Saturday, January 9, 2010

It's Okay to Hate the Teacher -- Eight Lessons for a New Yogi

Given the fact that I was smacked on the face during utkatasana, rolled on during reclined twists, and farted in the general direction of during a long series of squats during yoga class today, I can tell it’s New Year’s Resolution Time at my local gym. Before I became TPFSY (Too Poor for Studio Yoga), January would pass by with no visible changes in attendance at the nice-smelling, feng-shui’d practice spaces I used to frequent. Since everyone there was Totally Committed and Had a Beautiful Practice, they showed up year-round and on-time (early, even!). They didn’t let the Jenny Craig commercials that started running on December 26 shame then into Moya’s 8:05 Fitness Yoga class at the Southdale YMCA. (Held in what used to be the spin space, it still smells of burned-out gearshifts and man sweat, which makes me want to weep at the thought of Jeffrey, Tarana Studio, and those eucalyptus-scented incense sticks he used to wave around).

I’ve been practicing yoga regularly (I hate to say “seriously” because it sounds so pole-up-the-ass-y) for about eight years. I can honestly say that I was the most pathetic yogi on the planet for a good three of those years, and maybe more. I grunted. I sweated. I fell over during every class, in poses like, oh, say, triangle (not a real balance-buster for the normal person). I’m not that much better now, but I’m less visibly pathetic. Still, just because I’m not falling over doesn’t mean I don’t sympathize. So during today’s full-to-the-resolution-brim class, in between the smacks and the farts, I decided to create a Quick Guide for the New Yogi, with some tips I wish someone had shared with me back in my early days.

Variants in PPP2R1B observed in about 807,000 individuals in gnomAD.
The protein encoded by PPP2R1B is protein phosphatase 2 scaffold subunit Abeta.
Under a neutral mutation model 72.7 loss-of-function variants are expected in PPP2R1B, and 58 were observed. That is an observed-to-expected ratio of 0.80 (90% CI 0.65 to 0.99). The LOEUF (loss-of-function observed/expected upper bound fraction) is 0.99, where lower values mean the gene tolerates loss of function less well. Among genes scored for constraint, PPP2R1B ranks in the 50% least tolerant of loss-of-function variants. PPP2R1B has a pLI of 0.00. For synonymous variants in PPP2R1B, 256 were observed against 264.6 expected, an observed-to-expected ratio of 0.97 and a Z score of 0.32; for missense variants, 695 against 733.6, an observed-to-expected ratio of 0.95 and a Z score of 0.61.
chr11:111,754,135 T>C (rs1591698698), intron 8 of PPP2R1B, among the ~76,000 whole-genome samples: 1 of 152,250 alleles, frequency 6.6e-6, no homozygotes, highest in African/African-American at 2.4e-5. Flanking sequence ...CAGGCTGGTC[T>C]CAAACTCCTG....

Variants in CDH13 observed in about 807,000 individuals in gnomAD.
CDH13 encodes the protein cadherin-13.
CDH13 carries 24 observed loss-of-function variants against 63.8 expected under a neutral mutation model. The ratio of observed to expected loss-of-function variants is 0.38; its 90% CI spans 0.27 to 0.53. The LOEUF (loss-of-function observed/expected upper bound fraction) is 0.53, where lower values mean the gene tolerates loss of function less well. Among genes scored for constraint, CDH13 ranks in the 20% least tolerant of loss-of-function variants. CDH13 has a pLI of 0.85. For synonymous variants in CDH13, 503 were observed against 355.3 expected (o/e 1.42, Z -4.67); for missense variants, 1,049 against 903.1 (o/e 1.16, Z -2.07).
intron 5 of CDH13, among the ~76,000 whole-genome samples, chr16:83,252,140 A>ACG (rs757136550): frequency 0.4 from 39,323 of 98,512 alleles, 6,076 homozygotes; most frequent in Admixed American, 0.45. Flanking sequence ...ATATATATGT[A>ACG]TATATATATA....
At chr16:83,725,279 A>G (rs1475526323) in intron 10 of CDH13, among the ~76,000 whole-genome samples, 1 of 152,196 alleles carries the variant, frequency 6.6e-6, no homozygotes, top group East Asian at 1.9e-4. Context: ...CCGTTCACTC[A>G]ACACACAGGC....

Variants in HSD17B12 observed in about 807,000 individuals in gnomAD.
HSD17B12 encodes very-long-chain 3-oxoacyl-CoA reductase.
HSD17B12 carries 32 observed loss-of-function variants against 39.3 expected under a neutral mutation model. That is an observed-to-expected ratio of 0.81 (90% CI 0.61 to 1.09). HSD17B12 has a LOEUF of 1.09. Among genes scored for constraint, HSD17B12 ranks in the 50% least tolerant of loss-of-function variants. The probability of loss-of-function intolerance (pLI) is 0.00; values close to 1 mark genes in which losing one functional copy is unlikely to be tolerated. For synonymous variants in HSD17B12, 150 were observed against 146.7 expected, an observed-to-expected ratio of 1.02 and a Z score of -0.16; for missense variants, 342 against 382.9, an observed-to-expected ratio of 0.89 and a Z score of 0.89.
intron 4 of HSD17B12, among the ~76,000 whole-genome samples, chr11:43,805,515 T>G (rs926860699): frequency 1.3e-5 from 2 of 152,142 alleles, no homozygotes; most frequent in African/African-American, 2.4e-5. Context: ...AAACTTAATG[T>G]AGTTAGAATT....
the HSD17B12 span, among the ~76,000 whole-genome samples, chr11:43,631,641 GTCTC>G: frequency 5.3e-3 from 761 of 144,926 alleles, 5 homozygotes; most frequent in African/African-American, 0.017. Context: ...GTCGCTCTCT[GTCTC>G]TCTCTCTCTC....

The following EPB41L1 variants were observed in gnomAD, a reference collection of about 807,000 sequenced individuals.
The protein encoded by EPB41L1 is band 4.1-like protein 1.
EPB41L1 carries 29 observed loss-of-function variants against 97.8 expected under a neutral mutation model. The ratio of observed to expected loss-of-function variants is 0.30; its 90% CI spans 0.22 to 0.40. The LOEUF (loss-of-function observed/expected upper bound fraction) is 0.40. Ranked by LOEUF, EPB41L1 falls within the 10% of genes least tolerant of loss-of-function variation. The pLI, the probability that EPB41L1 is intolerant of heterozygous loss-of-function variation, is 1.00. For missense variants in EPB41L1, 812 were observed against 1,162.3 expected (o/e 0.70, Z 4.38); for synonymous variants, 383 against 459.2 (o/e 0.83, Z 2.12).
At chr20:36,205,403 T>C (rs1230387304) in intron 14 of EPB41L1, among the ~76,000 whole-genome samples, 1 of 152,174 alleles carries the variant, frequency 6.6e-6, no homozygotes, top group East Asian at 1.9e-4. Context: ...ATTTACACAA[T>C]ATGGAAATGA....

Lesson One. Show up on time. And if you simply must be tardy, and you are currently tipping the scales at a nifty two hundred pounds, don’t tromp past all the other mats in your big dirty outside shoes, and rearrange your rustly coat, while the rest of us are accessing our inner whatevers in child’s pose. Lady with the bad haircut and the kittycat t-shirt, size XXL, feel my wrath. Wait until an appropriate time, open the door quietly, and unroll your mat in the closest space possible. You're already late; don't be loud, too.

Lesson Two. Close your mouth and breathe through your nose. The teacher isn’t kidding. Breathing really does help. But if you keep imitating a Japanese koi during class, you’ll never have a chance to find that out for yourself.

Lesson Three. Take your socks off. If your feet, or any of your other parts, are that grotty, go outside to the weight room, which, to my delicate sensibility, resembles the yard of a penitentiary and will be much more to your liking. Otherwise, you are going to slip around so much that there is sure to be a cross-mat violation with your neighbor. The way things are currently going in my life, odds are that the neighbor will be me.